They wanted to form a communist, classless society, abolishing money, schools, private property, law courts, markets… they forbade religion, family ties, and stupid stuff like colourful clothing! Everyone in the country worked for “Angkar” (the Khmer Rouge Empire), which meant “The Organization”. But instead of doing it gradually, they tried to do it overnight by announcing over loudspeakers that the US was going to bomb Phnom Penh, commanding and forcing all citizens to leave their homes and take “refuge” in the countryside, in their home villages. This journey alone lasted many weeks, and many Cambodias died of exhaustion and starvation along the way… but it was only the beginning! The combined effects of forced labour, malnutrition, poor medical care and executions resulted in the deaths of 2,000,000 to 5,000,000 people (Cambodians, as well as a large population of Vietnamese and Chinese, and Thai, Laos, and a few foreigners) over a period of almost 4 years. They murdered doctors, teachers, government leaders and even Buddhist monks.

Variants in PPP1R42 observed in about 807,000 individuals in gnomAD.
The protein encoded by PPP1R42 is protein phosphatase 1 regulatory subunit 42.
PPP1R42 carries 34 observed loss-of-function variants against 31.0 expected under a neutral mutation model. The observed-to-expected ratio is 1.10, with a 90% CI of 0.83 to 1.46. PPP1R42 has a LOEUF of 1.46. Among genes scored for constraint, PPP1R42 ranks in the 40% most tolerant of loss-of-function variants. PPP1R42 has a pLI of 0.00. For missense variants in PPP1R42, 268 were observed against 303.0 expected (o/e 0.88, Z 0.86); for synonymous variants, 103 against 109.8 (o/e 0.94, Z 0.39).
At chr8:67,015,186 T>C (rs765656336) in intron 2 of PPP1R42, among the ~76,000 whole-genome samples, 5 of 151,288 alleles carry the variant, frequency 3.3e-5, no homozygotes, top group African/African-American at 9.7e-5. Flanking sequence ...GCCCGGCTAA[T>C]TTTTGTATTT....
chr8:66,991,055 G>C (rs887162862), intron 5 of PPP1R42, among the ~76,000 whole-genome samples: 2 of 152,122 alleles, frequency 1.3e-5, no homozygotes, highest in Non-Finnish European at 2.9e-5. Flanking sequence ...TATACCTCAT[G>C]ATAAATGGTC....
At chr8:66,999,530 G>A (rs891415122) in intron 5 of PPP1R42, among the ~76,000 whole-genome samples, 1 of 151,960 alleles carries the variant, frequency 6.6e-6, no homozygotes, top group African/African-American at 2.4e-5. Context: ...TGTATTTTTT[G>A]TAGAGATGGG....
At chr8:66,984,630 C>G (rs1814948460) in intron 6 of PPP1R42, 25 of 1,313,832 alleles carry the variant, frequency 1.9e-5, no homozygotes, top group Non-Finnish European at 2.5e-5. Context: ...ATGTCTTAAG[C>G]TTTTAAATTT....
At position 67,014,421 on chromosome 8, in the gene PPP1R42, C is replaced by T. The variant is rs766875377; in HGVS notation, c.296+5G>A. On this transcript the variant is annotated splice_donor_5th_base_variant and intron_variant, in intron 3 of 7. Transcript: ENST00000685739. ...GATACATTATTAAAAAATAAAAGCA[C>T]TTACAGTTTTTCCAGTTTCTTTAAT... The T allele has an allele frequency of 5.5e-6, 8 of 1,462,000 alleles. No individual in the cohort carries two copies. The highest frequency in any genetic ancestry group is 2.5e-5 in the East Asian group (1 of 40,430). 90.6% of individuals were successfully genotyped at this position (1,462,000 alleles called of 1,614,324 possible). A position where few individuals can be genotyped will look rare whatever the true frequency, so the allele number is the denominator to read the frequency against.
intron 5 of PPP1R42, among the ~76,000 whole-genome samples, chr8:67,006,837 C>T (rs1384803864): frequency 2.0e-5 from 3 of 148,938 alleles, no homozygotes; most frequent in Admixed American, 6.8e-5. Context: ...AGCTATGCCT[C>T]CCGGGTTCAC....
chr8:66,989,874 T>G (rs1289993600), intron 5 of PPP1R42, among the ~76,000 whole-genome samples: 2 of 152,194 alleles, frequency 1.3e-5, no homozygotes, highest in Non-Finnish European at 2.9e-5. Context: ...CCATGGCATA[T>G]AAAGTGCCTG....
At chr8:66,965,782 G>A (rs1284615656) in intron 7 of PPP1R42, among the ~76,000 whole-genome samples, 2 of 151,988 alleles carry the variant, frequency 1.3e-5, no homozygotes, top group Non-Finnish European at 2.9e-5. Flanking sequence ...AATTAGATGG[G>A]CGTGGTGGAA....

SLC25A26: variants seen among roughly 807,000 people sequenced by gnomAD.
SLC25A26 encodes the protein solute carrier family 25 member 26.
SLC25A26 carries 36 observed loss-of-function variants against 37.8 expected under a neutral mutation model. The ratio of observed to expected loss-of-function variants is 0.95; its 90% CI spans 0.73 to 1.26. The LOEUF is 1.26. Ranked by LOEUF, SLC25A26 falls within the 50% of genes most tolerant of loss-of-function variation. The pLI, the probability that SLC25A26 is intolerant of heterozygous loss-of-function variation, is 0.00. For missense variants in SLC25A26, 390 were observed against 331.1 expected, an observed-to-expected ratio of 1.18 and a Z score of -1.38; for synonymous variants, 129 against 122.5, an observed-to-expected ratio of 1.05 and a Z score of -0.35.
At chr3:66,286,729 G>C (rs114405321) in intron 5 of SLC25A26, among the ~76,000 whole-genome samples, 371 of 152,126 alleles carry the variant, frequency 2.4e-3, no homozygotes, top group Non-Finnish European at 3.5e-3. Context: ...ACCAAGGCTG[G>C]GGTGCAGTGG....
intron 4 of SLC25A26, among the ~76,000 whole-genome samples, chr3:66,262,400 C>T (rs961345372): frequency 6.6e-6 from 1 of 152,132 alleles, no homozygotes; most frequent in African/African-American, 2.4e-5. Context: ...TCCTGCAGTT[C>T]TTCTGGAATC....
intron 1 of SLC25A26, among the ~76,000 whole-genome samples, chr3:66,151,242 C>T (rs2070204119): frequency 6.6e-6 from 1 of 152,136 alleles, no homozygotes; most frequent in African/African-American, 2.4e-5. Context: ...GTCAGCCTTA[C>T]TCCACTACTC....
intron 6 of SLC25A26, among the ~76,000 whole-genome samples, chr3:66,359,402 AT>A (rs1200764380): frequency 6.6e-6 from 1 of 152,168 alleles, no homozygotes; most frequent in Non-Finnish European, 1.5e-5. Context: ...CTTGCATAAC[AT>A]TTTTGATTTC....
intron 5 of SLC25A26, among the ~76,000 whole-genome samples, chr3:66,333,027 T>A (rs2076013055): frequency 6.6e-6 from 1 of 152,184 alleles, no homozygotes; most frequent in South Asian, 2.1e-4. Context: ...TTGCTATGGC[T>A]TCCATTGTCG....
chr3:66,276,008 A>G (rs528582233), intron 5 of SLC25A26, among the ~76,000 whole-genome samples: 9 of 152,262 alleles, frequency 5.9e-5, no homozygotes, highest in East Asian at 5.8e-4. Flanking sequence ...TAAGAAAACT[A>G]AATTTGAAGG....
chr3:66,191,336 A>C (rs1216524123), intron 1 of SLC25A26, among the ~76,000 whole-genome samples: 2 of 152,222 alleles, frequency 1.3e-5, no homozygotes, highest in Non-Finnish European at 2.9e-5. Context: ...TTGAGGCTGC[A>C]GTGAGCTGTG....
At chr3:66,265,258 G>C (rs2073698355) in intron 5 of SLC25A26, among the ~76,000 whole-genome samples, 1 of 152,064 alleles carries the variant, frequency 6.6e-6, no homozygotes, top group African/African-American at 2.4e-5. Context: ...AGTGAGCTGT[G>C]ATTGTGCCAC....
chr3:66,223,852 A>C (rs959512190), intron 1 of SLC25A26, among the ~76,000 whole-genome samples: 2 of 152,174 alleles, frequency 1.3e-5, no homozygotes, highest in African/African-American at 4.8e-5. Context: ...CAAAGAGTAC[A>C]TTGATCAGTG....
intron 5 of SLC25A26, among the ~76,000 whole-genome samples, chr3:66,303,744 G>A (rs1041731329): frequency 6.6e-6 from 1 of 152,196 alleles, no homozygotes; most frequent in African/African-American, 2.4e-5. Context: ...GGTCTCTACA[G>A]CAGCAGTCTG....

With François’ parents, we went to visit the notorious Security Prison 21 (S-21), which is a former high school used by the Khmer Rouge to interrogate people whom they suspected of being “enemies of the regime”. They were repeatedly tortured and coerced into naming family members and close associates, who were in turn arrested, tortured and killed. Out of 20 000 people that were sent there, only 7 survived. It was a truly horrific experience. Read this text if you are not faint of heart!
My friend Piotr Dubiel, a fellow record hunter whom I know from many years, had told me about his own experience at this prison. I remember he was very much scarred by the “menacing” and “undefeated” looks of the prisoners on photos. This one in particular shared the shit out of me: